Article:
When it comes to internet campaigns, big brands should never underestimate the power of social media in both their success and downfall.
This time it’s the National Lottery whose idea for a Twitter campaign around the World Athletics Championship has spectacularly backfired, leading the organisation to remove tweets when audience responses generated offensive imagery.
Twitter users were asked to retweet a post from @TNLUK with the hashtag #Represent. Those doing so would receive a thank you tweet, including their Twitter account name being held up on a sign by one of the stars of the British Athletics team.
But the campaign was hijacked when users changed their twitter handles to controversial names and statements.
The replies were being generated automatically, so the responses – some of which referred to Jimmy Savile and Madeleine McCann – were not examined before being posted. Much of the content is too offensive to display in this article.
They continued to be posted by the National Lottery’s account throughout Monday night.
As one Twitter user noted: “@TNLUK are learning a valuable lesson about auto-replies and the need to filter them.”
As more and more responses were generated, Twitter users reached out to the National Lottery to take action, which it did early on Tuesday morning.
In two separate tweets the organisation posted: “We are aware that some people are maliciously targeting our British Athletics Twitter campaign with offensive and abhorrent content. (1/2)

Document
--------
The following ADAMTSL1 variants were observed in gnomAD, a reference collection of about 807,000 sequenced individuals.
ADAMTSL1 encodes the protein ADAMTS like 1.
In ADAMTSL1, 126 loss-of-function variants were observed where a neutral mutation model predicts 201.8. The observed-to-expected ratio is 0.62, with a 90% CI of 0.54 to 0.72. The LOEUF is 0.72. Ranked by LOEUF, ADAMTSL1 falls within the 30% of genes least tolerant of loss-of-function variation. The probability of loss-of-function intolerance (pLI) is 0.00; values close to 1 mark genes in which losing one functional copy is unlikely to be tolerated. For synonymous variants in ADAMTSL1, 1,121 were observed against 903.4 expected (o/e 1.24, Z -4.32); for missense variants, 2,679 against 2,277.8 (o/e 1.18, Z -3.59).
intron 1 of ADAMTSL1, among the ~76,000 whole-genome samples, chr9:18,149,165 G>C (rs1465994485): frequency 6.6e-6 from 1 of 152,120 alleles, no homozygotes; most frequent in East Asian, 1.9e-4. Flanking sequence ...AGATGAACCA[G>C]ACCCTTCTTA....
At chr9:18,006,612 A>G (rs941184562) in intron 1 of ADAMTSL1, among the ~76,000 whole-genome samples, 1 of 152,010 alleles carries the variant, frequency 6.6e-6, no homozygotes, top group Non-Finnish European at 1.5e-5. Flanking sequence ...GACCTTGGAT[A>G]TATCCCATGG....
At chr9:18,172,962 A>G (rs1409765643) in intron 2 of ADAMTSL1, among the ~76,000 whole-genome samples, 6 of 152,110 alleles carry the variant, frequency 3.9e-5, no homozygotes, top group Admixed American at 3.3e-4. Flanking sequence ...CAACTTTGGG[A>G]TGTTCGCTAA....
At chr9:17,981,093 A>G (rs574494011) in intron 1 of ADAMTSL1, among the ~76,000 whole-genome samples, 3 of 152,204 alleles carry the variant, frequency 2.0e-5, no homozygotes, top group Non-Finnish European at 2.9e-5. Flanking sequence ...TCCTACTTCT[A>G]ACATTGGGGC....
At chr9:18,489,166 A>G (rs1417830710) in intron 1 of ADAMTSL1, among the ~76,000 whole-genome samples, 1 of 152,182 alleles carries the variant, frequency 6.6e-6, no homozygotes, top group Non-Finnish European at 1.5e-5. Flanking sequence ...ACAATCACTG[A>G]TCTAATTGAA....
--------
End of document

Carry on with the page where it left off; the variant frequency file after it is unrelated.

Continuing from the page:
“We are dealing with this as quickly as possible and are hugely sorry for any offence caused by this malicious act. (2/2)”
A Camelot spokesperson also told the BBC: “We have disabled the campaign, deleted the inappropriate tweets from our feed and are continuing to look into exactly what happened. We are hugely sorry for any offence caused to our players, the athletes concerned and British Athletics by this deliberate act.”
The tweets were also removed but many people on Twitter had saved screenshots of the messages, which they tweeted in response to the National Lottery’s apology.
Some Twitter users blamed the National Lottery for the posts, rather than the those responding on the social media.
“How can you not have known something like this would get hijacked? That’s quite some ignorance of the platform!” posted one Tweeter.
Others voiced their disgust at responses about cancer victim Bradley Lowrey and Hillsborough.”Sick and vile,” wrote one Twitter user.
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A similar PR gaffe occurred when the “Walkers Wave” campaign asked social media users to respond to a tweet from the official Walkers Crisps Twitter account with a selfie, using the hashtag #WalkersWave, as part of the chance to win Champions League tickets.
The user’s picture was incorporated into a personalised video, featuring Gary Lineker, automatically tweeted and captioned by Walkers. But social media users responded with pictures of serial killers and disgraced celebrities.
As another Twitter user asked the National Lottery: “Did you learn nothing from the Gary Lineker / Walkers Crisp fiasco a few weeks ago?”
By Rozina Sini, BBC’s UGC and Social News Team
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